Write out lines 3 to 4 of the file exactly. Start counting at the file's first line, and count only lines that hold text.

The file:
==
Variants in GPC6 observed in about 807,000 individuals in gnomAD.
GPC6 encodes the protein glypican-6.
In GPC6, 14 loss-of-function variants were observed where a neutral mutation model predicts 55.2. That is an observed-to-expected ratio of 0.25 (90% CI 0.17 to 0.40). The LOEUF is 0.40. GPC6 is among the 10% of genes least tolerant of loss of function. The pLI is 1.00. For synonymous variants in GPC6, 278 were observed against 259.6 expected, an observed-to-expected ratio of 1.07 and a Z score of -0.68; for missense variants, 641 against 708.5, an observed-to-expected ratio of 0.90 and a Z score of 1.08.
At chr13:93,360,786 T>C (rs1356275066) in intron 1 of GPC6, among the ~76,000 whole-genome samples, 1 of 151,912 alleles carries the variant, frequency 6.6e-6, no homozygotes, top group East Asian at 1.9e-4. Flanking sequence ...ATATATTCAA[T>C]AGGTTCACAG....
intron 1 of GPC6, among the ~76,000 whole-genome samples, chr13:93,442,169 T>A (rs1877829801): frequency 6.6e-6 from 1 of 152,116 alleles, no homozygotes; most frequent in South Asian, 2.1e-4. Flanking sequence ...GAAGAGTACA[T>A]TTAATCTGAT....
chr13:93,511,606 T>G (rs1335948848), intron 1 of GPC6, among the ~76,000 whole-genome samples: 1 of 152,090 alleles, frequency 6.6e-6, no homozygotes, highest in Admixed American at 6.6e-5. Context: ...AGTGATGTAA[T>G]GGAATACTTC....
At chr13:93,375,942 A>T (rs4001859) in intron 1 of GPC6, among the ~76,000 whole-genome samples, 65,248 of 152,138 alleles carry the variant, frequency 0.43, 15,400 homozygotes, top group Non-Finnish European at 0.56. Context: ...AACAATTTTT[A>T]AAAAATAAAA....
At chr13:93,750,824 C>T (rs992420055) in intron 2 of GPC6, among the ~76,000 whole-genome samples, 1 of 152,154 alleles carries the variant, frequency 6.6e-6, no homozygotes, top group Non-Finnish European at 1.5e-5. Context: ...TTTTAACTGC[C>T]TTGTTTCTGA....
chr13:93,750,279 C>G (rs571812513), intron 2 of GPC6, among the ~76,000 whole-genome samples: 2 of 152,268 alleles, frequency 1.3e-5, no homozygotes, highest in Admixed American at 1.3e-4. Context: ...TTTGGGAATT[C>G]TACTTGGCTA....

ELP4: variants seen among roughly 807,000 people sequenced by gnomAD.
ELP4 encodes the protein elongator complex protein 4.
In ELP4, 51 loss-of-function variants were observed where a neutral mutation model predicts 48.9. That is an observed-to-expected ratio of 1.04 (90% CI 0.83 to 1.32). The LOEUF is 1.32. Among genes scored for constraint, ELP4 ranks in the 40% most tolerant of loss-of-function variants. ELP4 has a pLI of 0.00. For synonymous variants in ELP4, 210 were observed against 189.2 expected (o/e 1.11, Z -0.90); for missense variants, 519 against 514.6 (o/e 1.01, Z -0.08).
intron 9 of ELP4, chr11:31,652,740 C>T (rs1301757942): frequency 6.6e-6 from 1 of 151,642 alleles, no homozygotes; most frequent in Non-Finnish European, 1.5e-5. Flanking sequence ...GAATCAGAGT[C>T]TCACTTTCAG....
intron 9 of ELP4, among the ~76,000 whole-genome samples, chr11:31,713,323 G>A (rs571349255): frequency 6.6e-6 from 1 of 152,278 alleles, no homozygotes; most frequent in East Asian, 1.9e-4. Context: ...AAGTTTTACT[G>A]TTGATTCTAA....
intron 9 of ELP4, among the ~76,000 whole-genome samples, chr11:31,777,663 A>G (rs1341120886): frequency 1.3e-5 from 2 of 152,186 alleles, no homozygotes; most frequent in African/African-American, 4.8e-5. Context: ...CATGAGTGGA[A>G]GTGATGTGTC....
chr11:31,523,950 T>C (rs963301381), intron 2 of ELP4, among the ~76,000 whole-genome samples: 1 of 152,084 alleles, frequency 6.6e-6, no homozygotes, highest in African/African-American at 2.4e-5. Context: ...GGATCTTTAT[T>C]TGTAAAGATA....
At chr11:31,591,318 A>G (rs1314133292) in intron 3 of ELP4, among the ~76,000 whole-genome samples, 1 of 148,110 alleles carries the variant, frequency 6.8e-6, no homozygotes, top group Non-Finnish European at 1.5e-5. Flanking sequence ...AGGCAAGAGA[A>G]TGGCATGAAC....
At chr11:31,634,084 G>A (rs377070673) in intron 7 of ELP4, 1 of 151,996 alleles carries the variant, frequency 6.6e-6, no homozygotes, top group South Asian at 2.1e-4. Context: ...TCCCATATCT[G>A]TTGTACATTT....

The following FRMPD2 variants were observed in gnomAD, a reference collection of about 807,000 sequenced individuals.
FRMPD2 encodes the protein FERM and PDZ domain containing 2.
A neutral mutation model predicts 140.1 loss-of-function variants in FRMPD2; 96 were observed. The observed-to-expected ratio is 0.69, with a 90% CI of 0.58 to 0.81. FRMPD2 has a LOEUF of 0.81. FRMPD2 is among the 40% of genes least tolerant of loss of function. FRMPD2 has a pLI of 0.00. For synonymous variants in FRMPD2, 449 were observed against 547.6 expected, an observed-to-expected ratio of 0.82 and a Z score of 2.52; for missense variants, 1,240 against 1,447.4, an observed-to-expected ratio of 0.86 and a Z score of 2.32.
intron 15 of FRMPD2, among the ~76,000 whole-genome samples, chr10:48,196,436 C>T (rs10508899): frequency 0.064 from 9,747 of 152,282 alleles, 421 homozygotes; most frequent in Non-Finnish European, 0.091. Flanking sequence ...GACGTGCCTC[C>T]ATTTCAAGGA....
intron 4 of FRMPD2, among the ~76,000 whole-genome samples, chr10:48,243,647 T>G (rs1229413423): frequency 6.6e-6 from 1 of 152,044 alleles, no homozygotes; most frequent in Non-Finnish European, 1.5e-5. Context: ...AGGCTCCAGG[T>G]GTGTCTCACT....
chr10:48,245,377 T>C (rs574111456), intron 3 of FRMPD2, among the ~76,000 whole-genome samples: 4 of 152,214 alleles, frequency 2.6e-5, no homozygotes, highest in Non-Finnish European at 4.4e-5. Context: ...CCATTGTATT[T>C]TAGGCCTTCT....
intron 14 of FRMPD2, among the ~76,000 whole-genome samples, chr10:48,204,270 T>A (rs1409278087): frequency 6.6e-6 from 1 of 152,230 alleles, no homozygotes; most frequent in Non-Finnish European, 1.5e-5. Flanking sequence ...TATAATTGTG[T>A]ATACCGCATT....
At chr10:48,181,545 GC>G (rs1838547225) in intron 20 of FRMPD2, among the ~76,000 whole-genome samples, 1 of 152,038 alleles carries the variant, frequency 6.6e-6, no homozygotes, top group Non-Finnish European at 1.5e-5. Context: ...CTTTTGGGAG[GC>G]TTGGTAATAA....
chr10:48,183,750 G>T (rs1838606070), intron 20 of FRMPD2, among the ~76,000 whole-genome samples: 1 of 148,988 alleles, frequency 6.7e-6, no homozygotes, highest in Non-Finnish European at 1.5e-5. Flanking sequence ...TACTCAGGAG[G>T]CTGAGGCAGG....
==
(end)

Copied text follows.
In GPC6, 14 loss-of-function variants were observed where a neutral mutation model predicts 55.2. That is an observed-to-expected ratio of 0.25 (90% CI 0.17 to 0.40). The LOEUF is 0.40. GPC6 is among the 10% of genes least tolerant of loss of function. The pLI is 1.00. For synonymous variants in GPC6, 278 were observed against 259.6 expected, an observed-to-expected ratio of 1.07 and a Z score of -0.68; for missense variants, 641 against 708.5, an observed-to-expected ratio of 0.90 and a Z score of 1.08.
At chr13:93,360,786 T>C (rs1356275066) in intron 1 of GPC6, among the ~76,000 whole-genome samples, 1 of 151,912 alleles carries the variant, frequency 6.6e-6, no homozygotes, top group East Asian at 1.9e-4. Flanking sequence ...ATATATTCAA[T>C]AGGTTCACAG....